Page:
How a Banbury animal rescue charity survived the Covid-19 pandemic and needs help for the future

Banbury animal rescue charity - Banbury Animal Rescue and Kindness Service (BARKS) - survived the Covid lockdown but needs help moving towards the future.

Friday, 25th June 2021, 2:20 pm
Updated Friday, 25th June 2021, 2:22 pm
BARKS volunteer Wendy Lewis with Milo who would love to find a new owner (Image from BARKS)

Animals in need have to be fed and cared for, come what may. No matter what's happening in the rest of the world. Even in a pandemic.

Twice every day of the Covid crisis, even in deepest lockdown, dozens of cats, kittens and other domestic pets, taken in by Banbury Animal Rescue and Kindness Service (BARKS), have been cuddled, cleaned up and medicated to keep them healthy and active until life could get back to normal.

The small volunteer team running Banburyshire's leading pet rescue charity have had to be clever and resourceful to find Covid-safe ways of tending the animals - as well as keeping the enterprise financially afloat against the odds.

Resident BARKS rescue cats enjoy their new pen (Image from BARKS charity)

BARKS Chair Ann Collins said: “We've never stopped taking in and caring for animals in need, despite having no choice but to close our doors for adoptions which, sadly, deprived animals of loving homes and removed another vital source of income.

“All physical fundraising stopped last March, as did social events which attract members and sponsors. We've had to use ingenuity and persistence to devise other ways to keep some income coming in.

“Successful ideas have ranged from online cat and small furry shows and raffles to a recycling and upcycling scheme and a local house builder sponsorship. We launched a 'StayCATion Appeal' for donations and we're also grateful that some of our long-term sponsors have stuck with us, like the Track House near Shipston. Our talented band of crafters also stayed active, keeping our BARKS website store going with lovely gifts, toys and homewares.”

Extra funds have had to go on practical things, like building Covid-safe pens.

Bodge the tabby cat is looking for a new furever home (Image from BARKS charity)

She added: “Between lockdowns, when there was a brief period of re-opening, we had to spend valuable funds on a socially-distanced viewing area as our pens are too small to allow members of the public to enter with us.”

Due to tight space at the Bodicote rescue centre, careful shifts and remodelling made animal care socially-distanced and safe. The team also introduced a new outdoor cat recreation pen to accommodate the pets who need an exercise yard.

With lockdown easing, the team are now contending with new challenges.

She said: “Over the last year, we've taken in many elderly and sickly cats. Sadly, however, now, more than ever, most people want young animals or kittens as that's what the market has been offering them, at a price.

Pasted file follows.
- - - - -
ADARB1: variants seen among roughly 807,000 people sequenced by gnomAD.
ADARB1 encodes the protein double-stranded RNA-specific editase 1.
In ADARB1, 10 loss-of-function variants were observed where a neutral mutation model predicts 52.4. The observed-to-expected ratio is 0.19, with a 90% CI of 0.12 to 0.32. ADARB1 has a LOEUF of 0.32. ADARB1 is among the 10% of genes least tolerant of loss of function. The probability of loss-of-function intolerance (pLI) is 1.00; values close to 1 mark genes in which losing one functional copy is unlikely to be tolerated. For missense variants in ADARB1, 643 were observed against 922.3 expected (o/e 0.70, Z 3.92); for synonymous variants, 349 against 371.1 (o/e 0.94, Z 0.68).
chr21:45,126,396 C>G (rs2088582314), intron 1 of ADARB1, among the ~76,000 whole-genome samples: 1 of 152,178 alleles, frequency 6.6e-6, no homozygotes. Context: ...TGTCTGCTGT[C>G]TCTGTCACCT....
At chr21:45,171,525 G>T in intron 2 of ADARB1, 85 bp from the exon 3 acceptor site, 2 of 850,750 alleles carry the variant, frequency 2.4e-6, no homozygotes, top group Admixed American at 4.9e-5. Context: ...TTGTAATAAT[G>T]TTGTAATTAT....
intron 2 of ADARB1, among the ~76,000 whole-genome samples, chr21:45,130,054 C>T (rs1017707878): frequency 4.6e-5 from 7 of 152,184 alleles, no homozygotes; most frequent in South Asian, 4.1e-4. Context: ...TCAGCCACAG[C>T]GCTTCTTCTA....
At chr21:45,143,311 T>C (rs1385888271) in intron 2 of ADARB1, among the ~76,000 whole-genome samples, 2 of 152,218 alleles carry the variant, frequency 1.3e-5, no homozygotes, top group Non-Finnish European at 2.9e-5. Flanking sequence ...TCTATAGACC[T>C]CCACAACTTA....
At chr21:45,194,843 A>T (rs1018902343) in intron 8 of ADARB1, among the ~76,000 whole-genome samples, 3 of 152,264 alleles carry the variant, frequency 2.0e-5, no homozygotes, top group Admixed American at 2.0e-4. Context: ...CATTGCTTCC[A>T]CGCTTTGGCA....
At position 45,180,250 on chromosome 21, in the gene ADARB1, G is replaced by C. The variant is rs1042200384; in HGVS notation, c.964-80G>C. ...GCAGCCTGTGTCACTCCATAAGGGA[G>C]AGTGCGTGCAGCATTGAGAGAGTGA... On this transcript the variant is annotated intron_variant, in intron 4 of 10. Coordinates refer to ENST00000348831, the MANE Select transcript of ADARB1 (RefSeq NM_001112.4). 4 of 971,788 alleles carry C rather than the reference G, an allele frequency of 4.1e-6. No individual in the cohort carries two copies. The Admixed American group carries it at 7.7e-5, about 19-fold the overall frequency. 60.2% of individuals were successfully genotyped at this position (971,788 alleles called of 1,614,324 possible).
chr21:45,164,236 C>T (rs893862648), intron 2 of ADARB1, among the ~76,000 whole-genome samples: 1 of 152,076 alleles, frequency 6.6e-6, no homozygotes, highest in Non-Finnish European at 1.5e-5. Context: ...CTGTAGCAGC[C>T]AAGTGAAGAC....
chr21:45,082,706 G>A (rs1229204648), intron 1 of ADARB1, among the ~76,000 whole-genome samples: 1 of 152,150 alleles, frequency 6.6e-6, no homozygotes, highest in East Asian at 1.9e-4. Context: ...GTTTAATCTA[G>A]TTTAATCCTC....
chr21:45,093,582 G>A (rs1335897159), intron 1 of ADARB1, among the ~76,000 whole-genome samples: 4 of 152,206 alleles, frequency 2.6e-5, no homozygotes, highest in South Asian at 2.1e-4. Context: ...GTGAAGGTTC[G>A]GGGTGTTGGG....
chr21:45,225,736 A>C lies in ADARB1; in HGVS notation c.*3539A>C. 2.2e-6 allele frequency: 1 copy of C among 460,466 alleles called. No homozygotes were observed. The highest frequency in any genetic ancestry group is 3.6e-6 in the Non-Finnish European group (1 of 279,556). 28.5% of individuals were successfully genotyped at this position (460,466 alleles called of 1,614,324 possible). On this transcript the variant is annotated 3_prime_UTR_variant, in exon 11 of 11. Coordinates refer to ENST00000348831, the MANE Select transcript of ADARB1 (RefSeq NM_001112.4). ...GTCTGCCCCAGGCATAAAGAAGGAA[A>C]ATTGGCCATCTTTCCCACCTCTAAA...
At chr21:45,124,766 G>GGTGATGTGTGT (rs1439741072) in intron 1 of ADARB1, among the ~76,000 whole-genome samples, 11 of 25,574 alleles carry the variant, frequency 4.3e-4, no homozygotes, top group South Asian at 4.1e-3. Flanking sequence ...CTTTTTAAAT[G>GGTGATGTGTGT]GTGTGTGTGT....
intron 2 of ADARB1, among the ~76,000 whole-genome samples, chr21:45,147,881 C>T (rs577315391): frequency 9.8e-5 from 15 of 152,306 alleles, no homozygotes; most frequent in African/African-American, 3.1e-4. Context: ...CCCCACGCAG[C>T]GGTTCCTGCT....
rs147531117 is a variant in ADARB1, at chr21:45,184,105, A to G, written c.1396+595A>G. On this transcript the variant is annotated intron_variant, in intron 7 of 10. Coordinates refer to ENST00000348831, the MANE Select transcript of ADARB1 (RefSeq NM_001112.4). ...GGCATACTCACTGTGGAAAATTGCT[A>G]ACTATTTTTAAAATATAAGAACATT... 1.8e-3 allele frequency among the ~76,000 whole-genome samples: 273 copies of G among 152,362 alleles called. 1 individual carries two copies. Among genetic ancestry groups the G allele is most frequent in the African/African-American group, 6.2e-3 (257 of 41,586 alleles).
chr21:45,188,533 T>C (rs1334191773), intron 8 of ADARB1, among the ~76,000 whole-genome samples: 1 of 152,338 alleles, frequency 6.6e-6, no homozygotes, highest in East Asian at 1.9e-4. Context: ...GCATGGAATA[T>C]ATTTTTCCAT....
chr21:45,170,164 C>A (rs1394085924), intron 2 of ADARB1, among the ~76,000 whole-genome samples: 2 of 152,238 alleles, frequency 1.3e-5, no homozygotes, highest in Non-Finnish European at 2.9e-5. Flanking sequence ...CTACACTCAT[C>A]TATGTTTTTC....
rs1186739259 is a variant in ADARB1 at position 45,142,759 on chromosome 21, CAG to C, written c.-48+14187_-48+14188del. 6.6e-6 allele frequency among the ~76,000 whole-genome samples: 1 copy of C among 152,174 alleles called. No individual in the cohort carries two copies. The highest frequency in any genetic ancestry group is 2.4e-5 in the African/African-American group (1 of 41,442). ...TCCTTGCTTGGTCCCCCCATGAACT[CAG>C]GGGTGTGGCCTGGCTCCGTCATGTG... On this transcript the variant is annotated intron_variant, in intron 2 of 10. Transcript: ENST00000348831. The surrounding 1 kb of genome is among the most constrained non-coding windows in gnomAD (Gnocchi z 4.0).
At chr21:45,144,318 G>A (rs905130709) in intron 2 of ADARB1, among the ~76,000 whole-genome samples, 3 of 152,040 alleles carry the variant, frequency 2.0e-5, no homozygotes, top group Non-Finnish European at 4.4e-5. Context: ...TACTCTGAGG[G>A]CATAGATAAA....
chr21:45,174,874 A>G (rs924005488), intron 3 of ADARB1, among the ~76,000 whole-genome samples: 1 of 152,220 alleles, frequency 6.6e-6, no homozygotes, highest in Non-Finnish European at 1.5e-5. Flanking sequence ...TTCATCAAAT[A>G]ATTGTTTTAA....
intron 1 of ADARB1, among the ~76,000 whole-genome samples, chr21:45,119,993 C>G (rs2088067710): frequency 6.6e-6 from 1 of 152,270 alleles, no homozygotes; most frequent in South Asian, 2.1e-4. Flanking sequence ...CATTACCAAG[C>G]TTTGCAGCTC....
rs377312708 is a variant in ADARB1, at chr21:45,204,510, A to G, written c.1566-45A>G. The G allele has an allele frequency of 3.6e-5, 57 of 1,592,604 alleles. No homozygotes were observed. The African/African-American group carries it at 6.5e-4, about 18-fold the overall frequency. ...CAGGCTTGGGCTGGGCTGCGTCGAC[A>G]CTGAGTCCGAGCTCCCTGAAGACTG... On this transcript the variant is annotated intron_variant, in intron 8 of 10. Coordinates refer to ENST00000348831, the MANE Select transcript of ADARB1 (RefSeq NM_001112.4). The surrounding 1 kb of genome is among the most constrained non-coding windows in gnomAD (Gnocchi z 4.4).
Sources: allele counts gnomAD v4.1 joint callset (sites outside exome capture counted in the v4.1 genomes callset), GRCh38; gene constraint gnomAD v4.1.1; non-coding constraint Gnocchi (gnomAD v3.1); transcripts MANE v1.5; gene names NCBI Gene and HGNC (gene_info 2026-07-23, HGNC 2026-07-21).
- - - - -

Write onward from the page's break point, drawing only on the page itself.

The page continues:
Cats enjoy the sunshine in their new recreation pen (Image from BARKS charity)

“So it's a complex task: adoptions are slow, elderly animals remain without homes and income is minimal, while vet bills are higher than average.”

Not to be deterred, the team have set up a wider animal fostering network, begun a membership reminder scheme and introduced a more formal volunteer recruitment process – with an interview-style approach – to attract people who can offer practical help or marketing and fundraising willingness and expertise.

Looking forward

Following the Covid period, BARKS expect the need for pet rescue in Banburyshire to get even greater.

Pat McCombes cuddles a new BARKs rescue cat - he's such a recent arrival he has no name yet (Image from BARKS charity)

Bodicote rescue centre manager, Theresa Grant, said: “There are already reports of abandoned lockdown animals and, like most rescues, we're expecting this to increase as some people have taken on animals without understanding the implications.

"There's likely to be a long-term influx of unwanted animals, and we're steeling ourselves for the impact this may have.”

BARKS is back in business and keen to attract suitable adoption homes for a range of cats, kittens and other small furries.

For more information see their website here: or contact them at [email protected], or join their Facebook page at or phone their Bodicote rescue centre on 07427 063178.

BARKS basics – who they are and what they do:

BARKS saves, cares for and re-homes cats, kittens and a range of small furry pets. They also take on a few foster puppies.

Volunteer Pat McCombes prepares the lockdown viewing area (Image from BARKS charity)

They are the oldest animal rescue and care charity in Banburyshire.

They focus on:

- High welfare and hygiene standards for the animals

- Having a regular turnover of re-homed animals

- Maintaining a widespread network of fosterers and supporters

- Winning good public feedback

- Above all, being kind in all that they do, both in animal care and work in the community. (Their name, Banbury Animal Rescue & Kindness Service, is really important to them, not just a convenient acronym).